Mistake 8:
Re-Using Upfit Components on a Second Chassis

“When equipment or upfitting is removed from the old vehicle (with the objective of eliminating the need to purchase a new equipment) there is an immediate diminishment of the old vehicle’s resale value due to rust, bolt holes, wear marks, etc.,” said Keig of CBRE. “Also, by retaining the old components, it will prevent a fleet from taking advantage of newer and more refined products.”

According to Keig, the desire to re-use upfitting components, include, but are not limited to:
• Toolboxes for pickup trucks.
• Ladder racks and sometimes racks and bins from vans.
• Trailer hitches of any kind.
• Lights, etc.

“This mindset can only be marginally successful if the fleet has in-house maintenance facilities, and this may not produce the desired benefits, except in very specific circumstances,” Keig added. “When the reduction of vehicle resale value, including the labor required to remove and clean, is compared to the cost of the new equipment, there can be little, if any, financial gain to be achieved in reusing upfit equipment and often this will cost more money. In addition, by retaining the old components, it may prevent the advantage of utilizing newer and more refined products.”

Mistake 9:
Skimping on Driver Amenities

“Skimping on driver amenities will lower the resale price, such as spec’ing bare-bone units without suspension seats, Bluetooth, automatic or automated transmissions, ‘economy’ grade interior, no radio, or power windows and locks, or even no air conditioning,” Brewington said.

Attempting to save money on driver amenities is penny-wise, pound foolish. “Spec’ing minimal driver amenities to save capital dollars will hurt resale value,” Saltzgiver said.

Mistake 10:
Selecting Too Short or Too Long Body Lengths

A body that is too short limits the available cargo space, while a longer body requires an extraordinary wheelbase, which makes it much more difficult, slower, and riskier to maneuver within a confined yard or in an urban environment. “Resale value will also be inhibited resale by unique trailer lengths — any dimension outside the standard 53-foot in a van trailer,” Gillies said.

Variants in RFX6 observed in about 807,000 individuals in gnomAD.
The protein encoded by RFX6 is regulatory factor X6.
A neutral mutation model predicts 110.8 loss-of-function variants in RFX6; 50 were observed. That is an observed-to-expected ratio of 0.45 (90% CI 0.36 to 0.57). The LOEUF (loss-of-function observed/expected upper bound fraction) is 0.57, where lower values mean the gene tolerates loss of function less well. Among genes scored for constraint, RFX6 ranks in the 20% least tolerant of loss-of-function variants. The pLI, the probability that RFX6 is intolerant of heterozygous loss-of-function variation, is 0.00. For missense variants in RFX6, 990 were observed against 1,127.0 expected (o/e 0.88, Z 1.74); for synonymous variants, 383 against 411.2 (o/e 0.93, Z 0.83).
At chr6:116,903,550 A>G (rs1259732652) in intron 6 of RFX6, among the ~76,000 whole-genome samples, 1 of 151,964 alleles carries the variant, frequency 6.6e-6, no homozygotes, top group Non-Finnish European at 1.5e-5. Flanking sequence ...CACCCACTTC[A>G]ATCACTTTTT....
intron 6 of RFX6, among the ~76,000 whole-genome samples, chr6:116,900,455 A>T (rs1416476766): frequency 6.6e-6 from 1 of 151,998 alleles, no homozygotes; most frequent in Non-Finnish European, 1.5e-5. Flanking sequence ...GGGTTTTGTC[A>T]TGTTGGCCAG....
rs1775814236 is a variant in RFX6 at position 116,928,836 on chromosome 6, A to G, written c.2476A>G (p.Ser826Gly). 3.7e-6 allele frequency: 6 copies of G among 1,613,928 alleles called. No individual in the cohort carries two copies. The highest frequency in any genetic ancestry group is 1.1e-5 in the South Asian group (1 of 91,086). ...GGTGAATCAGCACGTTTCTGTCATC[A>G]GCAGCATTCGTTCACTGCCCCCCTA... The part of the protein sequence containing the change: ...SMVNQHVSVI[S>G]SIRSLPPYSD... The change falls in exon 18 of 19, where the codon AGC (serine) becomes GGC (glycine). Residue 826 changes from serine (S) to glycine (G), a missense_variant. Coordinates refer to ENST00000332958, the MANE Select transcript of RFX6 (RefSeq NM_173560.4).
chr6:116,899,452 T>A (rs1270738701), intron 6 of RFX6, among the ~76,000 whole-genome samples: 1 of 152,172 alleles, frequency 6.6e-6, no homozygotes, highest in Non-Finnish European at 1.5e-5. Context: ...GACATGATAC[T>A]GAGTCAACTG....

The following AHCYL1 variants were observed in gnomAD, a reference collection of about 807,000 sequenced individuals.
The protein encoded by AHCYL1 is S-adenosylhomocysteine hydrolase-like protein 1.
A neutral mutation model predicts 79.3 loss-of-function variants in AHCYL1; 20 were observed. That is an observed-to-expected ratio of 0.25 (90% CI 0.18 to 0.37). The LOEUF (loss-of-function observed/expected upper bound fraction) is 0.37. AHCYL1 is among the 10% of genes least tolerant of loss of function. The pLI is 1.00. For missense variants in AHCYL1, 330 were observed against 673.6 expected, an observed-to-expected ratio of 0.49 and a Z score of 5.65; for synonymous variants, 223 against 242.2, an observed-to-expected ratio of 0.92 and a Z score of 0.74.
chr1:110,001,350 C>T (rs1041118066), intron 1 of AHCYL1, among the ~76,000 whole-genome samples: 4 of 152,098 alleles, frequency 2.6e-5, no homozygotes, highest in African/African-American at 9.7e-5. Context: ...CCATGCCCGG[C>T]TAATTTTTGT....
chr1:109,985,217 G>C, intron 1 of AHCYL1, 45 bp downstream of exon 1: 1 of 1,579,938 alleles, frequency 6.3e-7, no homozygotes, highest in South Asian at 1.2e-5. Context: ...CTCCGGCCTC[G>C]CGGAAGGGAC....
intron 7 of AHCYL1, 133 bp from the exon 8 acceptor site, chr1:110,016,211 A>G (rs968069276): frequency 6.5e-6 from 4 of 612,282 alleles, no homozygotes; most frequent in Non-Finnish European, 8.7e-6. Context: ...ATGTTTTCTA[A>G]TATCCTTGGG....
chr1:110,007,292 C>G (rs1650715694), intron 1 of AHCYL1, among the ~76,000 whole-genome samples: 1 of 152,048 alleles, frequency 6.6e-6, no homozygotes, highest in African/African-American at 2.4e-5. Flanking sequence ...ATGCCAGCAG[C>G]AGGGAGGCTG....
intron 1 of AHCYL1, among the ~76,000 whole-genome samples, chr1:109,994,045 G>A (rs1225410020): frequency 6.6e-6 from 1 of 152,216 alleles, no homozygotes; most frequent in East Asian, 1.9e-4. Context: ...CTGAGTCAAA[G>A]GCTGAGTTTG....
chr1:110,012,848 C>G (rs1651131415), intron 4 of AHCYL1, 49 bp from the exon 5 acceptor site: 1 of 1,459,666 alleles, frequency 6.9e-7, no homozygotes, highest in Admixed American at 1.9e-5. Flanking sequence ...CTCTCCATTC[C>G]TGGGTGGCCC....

Mistake 11:
Not Selecting the Right ‘Grade’ of Material

The day-to-day use and application of the vehicle often determine the “grade” or type of materials that are used. For example, how much weight may be carried on the shelves? Will small parts need to be organized or just large bins for bulky items? A fleet manager’s knowledge of his or her customers plays a vital role in determining the correct materials that will be used for any upfitting.

“The same racks and bins or compartments for a flower delivery service may not be suitable to carry heavy pipe fittings used in the oil and gas industry. This certainly follows the spec of the base chassis, including the anticipated terrain that may be covered,” said Keig of CBRE.

Mistake 12:
Not Using Qualified Upfitters

One critical factor that must be kept at the forefront when any upfitting is contemplated relates to “what is being considered and who may be doing it?”

“Today’s vehicles are more complex than ever, which translates to the utmost sensitivity and awareness of any additions or modifications,” Keig said. “Air bags and sensors are found everywhere. The wiring systems cannot tolerate any compromise or change of the milliamps that may be transmitted. Fuel lines and other similar items are hidden everywhere. One small nick in a wire, much less a tap or connection, can wreak havoc and result in costly repairs. This also may compromise safety equipment of the vehicle. Professional upfitters spend many hours of technical education to understand where all OEMs permit attachment or anchor points and electrical connections, and this is often dictated by the structural design of the vehicle. One or two holes for a simple screw has the possibility to compromise the integrity of the vehicle upon upset or collision.”

Mistake 13:
Not Spec’ing Liftgates that Take into Account Secondary Buyers

If you are going to use a liftgate, important considerations are tuck-under versus flip-up, level-ride versus wedge, composition (aluminum versus steel), operating characteristics (power down versus gravity), and platform size. These are important differentiators for secondary buyers in the resale market.

“Think of a liftgate as the equivalent of a swimming pool when discussing a home sale, some people want them, others don’t, but you always have to bear in mind the cost to maintain them and that may impact the desirability and therefore the price. I would not consider these liftgate attributes to be universal gospel, but generally indicative of a desired spec, bearing in mind that many specifications can be altered at a reasonable cost and with small effort, such as exchanging 22.5-inch wheels for 19.5-inch,” said one truck fleet manager who wished to be anonymous.

Mistake 14:
Buying Equipment Solely on Basis of Cost

The old saying, “you get what you pay for” has a direct bearing on successfully spec’ing trucks or upfits.